Continuing the bathroom photo shoot another couple days, as the reference came in, I wrapped up four more sketches by 3am Thursday morning. After oversleeping my alarm, a shortened travel day followed. In what turned out to be quite a palatial room in Pittsburgh, after a late-evening, ordered-in pizza, I got dressed, set up my camera on the microwave, propped up with the coffee maker, and stood next to the glowing lamp/light table to shoot some exec-like poses. At 4am Friday morning, the last of my sketches are sent off, and I hit the sack for a couple hours before embarking on my last travel day. All remaining sketch approval comes that afternoon, and I return home that night, after double-digit hours on the road and only a couple of Red Bulls.

Back to work, Saturday, as I race against the clock to push seven head and torso charcoal portraits through for the Monday deadline. Saturday quickly turns to Sunday, which quickly turns to the realization I won't be sleeping Sunday night. I set up my milestones which should have the final work uploaded for the client by Monday morning.

It's now Monday, about 9am, and I'm putting the final touches on the last one. I'm starting to wind down, knowing this big job is close to a finish, maybe enjoy a nice brunch, kick back and bask in the glow of -- yikes, the phone! A last minute change. We need to alter the arm position on two of them. No problem. Fire back up the adrenalin, and race over to the drawing table to render up a couple of arms that hang down, based on two of the many other reference shots I took. They are scanned and composited in Photoshop, and by about 3pm Monday afternoon, everything is uploaded.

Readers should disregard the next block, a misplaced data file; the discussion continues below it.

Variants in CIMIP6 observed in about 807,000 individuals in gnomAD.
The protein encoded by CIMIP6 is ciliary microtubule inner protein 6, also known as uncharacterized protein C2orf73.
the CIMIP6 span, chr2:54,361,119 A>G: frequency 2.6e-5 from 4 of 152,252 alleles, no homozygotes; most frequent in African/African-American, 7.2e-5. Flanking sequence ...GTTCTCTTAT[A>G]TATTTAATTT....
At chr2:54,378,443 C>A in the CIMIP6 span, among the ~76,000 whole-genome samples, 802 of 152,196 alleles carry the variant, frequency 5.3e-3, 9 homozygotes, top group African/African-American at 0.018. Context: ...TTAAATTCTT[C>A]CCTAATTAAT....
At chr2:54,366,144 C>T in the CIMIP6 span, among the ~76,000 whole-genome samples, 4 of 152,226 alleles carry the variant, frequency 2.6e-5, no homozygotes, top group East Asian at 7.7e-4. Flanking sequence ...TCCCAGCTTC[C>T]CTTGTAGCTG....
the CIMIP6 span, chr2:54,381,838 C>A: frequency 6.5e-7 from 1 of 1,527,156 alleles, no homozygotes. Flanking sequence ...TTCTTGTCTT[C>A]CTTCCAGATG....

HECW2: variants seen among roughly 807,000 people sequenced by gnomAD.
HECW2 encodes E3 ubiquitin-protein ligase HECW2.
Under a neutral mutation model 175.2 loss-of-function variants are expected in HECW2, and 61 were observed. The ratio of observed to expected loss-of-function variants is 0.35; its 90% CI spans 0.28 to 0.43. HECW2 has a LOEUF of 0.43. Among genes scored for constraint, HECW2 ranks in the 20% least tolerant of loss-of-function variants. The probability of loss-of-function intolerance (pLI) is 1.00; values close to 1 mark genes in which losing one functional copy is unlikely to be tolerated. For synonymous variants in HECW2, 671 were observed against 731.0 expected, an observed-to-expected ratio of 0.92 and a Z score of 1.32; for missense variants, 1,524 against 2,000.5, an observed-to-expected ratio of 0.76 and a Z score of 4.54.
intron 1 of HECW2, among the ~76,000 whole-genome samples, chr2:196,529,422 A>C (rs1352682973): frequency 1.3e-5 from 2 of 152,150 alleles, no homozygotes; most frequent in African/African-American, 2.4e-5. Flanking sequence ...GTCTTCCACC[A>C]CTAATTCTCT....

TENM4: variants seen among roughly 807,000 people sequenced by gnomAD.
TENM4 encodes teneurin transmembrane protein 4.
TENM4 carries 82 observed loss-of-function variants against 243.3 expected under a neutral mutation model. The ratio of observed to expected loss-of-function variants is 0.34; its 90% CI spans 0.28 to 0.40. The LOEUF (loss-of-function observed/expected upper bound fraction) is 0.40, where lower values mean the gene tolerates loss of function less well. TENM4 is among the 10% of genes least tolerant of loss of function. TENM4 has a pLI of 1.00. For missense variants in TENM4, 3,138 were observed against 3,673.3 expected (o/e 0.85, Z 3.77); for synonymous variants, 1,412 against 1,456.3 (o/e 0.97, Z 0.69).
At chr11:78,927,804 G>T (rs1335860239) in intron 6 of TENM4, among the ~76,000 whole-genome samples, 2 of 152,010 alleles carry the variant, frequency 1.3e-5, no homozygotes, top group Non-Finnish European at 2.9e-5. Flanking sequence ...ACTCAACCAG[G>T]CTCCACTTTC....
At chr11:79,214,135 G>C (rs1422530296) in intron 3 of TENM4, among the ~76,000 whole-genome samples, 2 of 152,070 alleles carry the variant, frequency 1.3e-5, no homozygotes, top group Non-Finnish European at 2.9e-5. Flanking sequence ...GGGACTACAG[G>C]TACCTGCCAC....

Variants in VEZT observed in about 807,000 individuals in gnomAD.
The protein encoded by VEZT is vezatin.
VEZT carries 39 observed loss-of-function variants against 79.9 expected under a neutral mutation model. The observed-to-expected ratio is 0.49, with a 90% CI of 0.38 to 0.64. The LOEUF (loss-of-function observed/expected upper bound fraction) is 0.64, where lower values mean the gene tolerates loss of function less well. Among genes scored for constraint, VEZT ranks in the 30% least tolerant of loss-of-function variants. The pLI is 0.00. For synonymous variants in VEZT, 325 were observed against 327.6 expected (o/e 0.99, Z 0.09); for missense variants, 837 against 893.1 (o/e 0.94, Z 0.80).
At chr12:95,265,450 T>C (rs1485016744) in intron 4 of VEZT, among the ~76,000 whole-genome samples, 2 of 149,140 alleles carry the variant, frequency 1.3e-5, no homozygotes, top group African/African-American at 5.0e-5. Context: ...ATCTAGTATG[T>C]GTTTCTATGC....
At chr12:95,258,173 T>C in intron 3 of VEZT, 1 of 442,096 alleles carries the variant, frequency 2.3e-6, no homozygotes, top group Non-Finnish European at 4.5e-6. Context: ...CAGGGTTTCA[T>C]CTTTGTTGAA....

The outcome:

The client was super-pleased with the results, as were the chain of command signing off on all parts of the job. And, it did not escape them that I had completed half the job while on the road and traveling. By the way, illustrators working while on the road is certainly not an uncommon tale, but it's always nice when the client recognizes the challenges herein and expresses appreciation for the extra effort.

Speaking of the client, they were terrific to work with, communication was tremendous, and the job was very satisfying on many levels. I am very grateful for the opportunity to help, and personally, it was quite a birthday gift that put the punctuation on an excellent east coast trip.

Sunday, August 17, 2008

Jim Thome

One afternoon I get the call asking if I'd like to help out with the 2008 MLB Masterpiece series of trading cards for the Upper Deck Company. Of course, I'd love to, I say. Over several weeks in the Spring, I am very fortunate to be able to paint many of the game's finest players. Jim Thome of the Chicago White Sox is one of them.

Something that is different about this piece from others on my site is the background -- something beyond the textured aray of non-descript color that occupies the bulk of my other pieces. And, what is particularly interesting about the backgrounds for this series is they are largely comprised of out-of-focus crowds. At the time of their painting, I considered this a new and interesting challenge. I'm always up for a challenge.